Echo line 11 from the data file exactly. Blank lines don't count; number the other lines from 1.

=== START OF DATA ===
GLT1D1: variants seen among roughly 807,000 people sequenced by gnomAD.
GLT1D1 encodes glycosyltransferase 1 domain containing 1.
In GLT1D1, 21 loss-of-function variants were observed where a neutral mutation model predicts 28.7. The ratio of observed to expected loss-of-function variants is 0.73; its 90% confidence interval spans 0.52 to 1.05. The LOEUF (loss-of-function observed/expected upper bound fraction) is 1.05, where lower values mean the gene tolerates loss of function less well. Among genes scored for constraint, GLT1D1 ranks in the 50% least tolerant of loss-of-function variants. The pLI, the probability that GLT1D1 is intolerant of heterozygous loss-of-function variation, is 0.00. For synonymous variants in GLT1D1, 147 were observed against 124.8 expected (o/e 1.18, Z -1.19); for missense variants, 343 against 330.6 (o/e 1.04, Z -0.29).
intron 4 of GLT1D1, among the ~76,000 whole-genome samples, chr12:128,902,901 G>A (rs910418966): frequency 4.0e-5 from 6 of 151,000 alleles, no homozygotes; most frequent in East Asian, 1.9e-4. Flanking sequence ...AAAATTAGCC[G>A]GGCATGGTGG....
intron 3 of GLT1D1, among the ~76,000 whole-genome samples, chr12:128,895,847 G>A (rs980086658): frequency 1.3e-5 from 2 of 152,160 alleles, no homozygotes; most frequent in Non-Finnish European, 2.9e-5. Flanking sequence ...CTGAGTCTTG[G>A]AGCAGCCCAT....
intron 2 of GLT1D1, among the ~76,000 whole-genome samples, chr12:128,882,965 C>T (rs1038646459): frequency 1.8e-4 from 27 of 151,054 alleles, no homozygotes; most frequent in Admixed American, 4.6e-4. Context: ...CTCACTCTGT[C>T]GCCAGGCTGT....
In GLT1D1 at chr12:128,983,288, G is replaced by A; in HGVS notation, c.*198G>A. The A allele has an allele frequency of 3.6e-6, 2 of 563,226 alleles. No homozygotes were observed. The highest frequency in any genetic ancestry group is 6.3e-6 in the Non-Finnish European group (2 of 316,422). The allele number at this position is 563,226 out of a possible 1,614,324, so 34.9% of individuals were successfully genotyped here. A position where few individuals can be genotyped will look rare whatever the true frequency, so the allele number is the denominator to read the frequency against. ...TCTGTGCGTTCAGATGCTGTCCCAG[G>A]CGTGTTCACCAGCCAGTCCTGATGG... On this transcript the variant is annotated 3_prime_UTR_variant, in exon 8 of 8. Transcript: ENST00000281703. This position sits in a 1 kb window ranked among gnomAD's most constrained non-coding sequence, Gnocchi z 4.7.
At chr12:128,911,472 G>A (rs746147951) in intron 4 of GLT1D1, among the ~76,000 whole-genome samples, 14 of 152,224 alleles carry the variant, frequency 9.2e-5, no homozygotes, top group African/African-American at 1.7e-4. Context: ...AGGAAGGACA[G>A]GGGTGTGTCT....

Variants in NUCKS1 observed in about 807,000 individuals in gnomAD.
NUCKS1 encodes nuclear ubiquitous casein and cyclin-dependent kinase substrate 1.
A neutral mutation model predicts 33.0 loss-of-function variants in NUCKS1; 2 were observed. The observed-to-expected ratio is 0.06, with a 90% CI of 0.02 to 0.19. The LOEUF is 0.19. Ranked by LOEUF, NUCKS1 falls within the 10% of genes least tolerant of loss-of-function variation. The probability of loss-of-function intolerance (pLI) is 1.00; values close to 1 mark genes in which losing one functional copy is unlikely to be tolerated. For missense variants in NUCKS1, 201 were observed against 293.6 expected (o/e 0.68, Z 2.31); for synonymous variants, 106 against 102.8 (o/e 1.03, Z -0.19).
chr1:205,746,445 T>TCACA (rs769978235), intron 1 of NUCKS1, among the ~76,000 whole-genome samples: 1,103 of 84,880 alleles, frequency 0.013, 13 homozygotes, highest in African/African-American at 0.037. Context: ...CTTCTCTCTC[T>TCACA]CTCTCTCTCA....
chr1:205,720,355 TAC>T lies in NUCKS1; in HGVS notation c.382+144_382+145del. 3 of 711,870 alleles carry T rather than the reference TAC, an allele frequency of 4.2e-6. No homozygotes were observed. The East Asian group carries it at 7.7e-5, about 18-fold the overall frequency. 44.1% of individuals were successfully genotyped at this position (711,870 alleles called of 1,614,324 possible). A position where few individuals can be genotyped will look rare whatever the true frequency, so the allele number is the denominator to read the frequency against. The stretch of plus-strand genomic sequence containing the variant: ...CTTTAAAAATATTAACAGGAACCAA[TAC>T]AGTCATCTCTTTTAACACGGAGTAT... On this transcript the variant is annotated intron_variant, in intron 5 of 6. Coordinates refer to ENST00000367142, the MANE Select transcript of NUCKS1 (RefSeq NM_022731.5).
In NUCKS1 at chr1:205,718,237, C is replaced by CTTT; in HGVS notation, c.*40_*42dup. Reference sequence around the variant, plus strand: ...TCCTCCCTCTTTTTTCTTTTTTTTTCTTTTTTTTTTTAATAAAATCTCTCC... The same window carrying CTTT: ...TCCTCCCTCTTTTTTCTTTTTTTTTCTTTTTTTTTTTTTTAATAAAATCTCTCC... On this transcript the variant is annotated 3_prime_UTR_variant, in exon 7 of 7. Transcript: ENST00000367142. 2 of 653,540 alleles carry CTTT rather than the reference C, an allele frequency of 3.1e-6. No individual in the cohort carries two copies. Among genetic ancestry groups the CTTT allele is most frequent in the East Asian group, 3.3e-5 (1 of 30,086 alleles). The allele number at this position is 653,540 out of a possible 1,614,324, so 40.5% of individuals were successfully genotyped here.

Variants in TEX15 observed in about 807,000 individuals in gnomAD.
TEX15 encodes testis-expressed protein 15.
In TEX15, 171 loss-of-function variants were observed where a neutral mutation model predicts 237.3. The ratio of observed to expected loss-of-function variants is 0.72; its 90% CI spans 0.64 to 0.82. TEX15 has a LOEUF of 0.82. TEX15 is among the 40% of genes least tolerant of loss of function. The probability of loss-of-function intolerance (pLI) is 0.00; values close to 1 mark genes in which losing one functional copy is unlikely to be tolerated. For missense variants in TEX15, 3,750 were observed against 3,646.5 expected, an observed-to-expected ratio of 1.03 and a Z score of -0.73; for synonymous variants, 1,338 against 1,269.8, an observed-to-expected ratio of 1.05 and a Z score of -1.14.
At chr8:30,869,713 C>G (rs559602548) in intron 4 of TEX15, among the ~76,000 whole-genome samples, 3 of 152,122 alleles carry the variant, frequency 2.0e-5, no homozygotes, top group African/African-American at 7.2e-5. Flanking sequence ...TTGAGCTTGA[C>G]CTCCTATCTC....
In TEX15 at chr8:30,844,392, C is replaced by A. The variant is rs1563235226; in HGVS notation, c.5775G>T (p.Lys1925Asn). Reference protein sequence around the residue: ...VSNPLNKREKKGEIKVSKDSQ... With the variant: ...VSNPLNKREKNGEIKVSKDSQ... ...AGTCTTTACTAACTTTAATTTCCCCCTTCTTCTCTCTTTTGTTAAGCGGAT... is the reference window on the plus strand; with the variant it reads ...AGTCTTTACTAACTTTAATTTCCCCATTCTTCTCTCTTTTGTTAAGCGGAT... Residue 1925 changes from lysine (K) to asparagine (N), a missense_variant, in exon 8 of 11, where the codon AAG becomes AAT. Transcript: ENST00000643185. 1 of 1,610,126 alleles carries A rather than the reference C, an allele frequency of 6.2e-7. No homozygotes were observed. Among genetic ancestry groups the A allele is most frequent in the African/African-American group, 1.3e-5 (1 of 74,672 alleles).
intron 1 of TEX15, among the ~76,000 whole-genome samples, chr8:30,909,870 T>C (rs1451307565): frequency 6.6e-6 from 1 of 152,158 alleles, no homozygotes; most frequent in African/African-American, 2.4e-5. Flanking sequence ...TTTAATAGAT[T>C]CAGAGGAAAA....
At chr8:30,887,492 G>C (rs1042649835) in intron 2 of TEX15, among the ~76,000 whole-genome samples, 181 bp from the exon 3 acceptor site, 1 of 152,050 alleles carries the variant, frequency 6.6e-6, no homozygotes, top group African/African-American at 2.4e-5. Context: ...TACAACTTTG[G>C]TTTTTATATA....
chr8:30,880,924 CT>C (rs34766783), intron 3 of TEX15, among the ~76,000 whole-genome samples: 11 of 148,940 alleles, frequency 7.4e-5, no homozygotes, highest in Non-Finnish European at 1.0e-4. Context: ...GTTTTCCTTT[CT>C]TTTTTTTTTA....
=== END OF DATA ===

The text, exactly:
A neutral mutation model predicts 33.0 loss-of-function variants in NUCKS1; 2 were observed. The observed-to-expected ratio is 0.06, with a 90% CI of 0.02 to 0.19. The LOEUF is 0.19. Ranked by LOEUF, NUCKS1 falls within the 10% of genes least tolerant of loss-of-function variation. The probability of loss-of-function intolerance (pLI) is 1.00; values close to 1 mark genes in which losing one functional copy is unlikely to be tolerated. For missense variants in NUCKS1, 201 were observed against 293.6 expected (o/e 0.68, Z 2.31); for synonymous variants, 106 against 102.8 (o/e 1.03, Z -0.19).